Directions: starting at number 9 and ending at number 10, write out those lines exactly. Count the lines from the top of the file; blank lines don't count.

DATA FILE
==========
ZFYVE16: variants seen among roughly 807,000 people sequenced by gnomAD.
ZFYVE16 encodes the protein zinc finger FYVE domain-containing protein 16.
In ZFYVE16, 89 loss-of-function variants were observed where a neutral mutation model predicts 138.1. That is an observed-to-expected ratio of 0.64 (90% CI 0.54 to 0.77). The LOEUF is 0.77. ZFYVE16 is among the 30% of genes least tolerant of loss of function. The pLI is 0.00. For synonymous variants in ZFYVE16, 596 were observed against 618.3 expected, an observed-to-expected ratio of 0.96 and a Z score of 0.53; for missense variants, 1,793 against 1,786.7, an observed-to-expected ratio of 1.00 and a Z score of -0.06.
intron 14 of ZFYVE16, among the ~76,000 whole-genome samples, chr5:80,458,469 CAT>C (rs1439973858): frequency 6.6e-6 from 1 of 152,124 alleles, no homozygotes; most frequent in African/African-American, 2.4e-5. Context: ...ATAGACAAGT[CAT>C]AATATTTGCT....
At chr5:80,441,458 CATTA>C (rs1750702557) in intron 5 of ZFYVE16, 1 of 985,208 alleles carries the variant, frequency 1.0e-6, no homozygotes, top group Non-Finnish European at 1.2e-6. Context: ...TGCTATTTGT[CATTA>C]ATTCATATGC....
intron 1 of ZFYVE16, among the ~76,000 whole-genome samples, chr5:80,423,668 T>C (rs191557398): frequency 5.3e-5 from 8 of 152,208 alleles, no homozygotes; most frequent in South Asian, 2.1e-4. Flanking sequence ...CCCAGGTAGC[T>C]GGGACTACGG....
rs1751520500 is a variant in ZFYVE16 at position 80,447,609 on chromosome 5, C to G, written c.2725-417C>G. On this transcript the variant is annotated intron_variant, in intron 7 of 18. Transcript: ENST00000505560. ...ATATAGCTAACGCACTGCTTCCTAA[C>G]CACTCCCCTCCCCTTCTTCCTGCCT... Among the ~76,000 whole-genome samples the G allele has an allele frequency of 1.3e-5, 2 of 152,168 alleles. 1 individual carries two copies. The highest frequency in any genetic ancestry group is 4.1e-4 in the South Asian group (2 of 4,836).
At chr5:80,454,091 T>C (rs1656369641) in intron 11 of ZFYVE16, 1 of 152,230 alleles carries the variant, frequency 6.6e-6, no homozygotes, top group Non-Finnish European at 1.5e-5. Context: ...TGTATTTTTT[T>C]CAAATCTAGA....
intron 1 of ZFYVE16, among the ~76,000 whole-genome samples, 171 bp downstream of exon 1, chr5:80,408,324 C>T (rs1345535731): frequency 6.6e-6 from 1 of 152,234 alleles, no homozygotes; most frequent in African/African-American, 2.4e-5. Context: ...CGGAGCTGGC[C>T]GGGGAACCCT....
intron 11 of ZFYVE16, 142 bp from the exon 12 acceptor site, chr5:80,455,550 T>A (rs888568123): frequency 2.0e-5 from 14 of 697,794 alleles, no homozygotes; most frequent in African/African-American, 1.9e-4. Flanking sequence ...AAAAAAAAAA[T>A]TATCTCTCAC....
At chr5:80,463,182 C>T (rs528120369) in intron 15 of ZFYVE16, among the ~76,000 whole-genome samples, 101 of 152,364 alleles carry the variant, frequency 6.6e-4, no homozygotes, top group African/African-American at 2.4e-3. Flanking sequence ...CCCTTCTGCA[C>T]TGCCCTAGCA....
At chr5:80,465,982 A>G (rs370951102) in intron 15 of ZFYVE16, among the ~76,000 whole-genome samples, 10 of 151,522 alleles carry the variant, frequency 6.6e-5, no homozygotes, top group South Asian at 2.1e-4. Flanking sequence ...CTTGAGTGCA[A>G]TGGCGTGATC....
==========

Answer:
intron 1 of ZFYVE16, among the ~76,000 whole-genome samples, 171 bp downstream of exon 1, chr5:80,408,324 C>T (rs1345535731): frequency 6.6e-6 from 1 of 152,234 alleles, no homozygotes; most frequent in African/African-American, 2.4e-5. Context: ...CGGAGCTGGC[C>T]GGGGAACCCT....
intron 11 of ZFYVE16, 142 bp from the exon 12 acceptor site, chr5:80,455,550 T>A (rs888568123): frequency 2.0e-5 from 14 of 697,794 alleles, no homozygotes; most frequent in African/African-American, 1.9e-4. Flanking sequence ...AAAAAAAAAA[T>A]TATCTCTCAC....